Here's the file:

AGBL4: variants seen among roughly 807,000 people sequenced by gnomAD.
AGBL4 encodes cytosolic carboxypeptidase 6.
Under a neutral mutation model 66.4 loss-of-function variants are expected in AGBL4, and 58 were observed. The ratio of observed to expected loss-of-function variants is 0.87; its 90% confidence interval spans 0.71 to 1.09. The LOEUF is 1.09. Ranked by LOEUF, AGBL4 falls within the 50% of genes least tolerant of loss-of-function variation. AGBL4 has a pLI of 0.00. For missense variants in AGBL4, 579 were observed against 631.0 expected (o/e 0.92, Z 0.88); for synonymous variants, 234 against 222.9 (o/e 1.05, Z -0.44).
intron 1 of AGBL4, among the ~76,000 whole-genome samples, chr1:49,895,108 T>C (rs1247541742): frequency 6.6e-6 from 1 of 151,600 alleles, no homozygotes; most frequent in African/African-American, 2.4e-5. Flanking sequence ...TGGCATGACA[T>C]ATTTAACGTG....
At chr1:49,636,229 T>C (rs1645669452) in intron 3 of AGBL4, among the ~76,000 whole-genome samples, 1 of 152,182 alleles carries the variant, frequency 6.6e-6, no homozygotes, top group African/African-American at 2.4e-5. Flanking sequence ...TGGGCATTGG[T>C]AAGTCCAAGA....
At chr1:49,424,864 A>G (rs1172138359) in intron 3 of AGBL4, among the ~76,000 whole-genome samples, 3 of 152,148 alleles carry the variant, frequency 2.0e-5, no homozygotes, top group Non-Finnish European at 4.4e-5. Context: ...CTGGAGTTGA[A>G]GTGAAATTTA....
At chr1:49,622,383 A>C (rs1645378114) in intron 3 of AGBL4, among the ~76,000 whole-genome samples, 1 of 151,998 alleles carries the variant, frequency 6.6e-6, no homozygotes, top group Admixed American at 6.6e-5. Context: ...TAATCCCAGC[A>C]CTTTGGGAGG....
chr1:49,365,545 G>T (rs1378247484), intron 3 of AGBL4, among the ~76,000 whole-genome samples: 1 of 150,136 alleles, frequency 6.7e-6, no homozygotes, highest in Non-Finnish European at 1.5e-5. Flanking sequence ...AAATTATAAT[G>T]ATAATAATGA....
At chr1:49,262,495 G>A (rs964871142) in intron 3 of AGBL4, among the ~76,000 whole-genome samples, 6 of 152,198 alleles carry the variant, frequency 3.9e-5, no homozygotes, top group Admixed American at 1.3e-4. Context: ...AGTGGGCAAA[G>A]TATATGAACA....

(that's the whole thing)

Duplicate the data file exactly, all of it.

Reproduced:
AGBL4: variants seen among roughly 807,000 people sequenced by gnomAD.
AGBL4 encodes cytosolic carboxypeptidase 6.
Under a neutral mutation model 66.4 loss-of-function variants are expected in AGBL4, and 58 were observed. The ratio of observed to expected loss-of-function variants is 0.87; its 90% confidence interval spans 0.71 to 1.09. The LOEUF is 1.09. Ranked by LOEUF, AGBL4 falls within the 50% of genes least tolerant of loss-of-function variation. AGBL4 has a pLI of 0.00. For missense variants in AGBL4, 579 were observed against 631.0 expected (o/e 0.92, Z 0.88); for synonymous variants, 234 against 222.9 (o/e 1.05, Z -0.44).
intron 1 of AGBL4, among the ~76,000 whole-genome samples, chr1:49,895,108 T>C (rs1247541742): frequency 6.6e-6 from 1 of 151,600 alleles, no homozygotes; most frequent in African/African-American, 2.4e-5. Flanking sequence ...TGGCATGACA[T>C]ATTTAACGTG....
At chr1:49,636,229 T>C (rs1645669452) in intron 3 of AGBL4, among the ~76,000 whole-genome samples, 1 of 152,182 alleles carries the variant, frequency 6.6e-6, no homozygotes, top group African/African-American at 2.4e-5. Flanking sequence ...TGGGCATTGG[T>C]AAGTCCAAGA....
At chr1:49,424,864 A>G (rs1172138359) in intron 3 of AGBL4, among the ~76,000 whole-genome samples, 3 of 152,148 alleles carry the variant, frequency 2.0e-5, no homozygotes, top group Non-Finnish European at 4.4e-5. Context: ...CTGGAGTTGA[A>G]GTGAAATTTA....
At chr1:49,622,383 A>C (rs1645378114) in intron 3 of AGBL4, among the ~76,000 whole-genome samples, 1 of 151,998 alleles carries the variant, frequency 6.6e-6, no homozygotes, top group Admixed American at 6.6e-5. Context: ...TAATCCCAGC[A>C]CTTTGGGAGG....
chr1:49,365,545 G>T (rs1378247484), intron 3 of AGBL4, among the ~76,000 whole-genome samples: 1 of 150,136 alleles, frequency 6.7e-6, no homozygotes, highest in Non-Finnish European at 1.5e-5. Flanking sequence ...AAATTATAAT[G>T]ATAATAATGA....
At chr1:49,262,495 G>A (rs964871142) in intron 3 of AGBL4, among the ~76,000 whole-genome samples, 6 of 152,198 alleles carry the variant, frequency 3.9e-5, no homozygotes, top group Admixed American at 1.3e-4. Context: ...AGTGGGCAAA[G>A]TATATGAACA....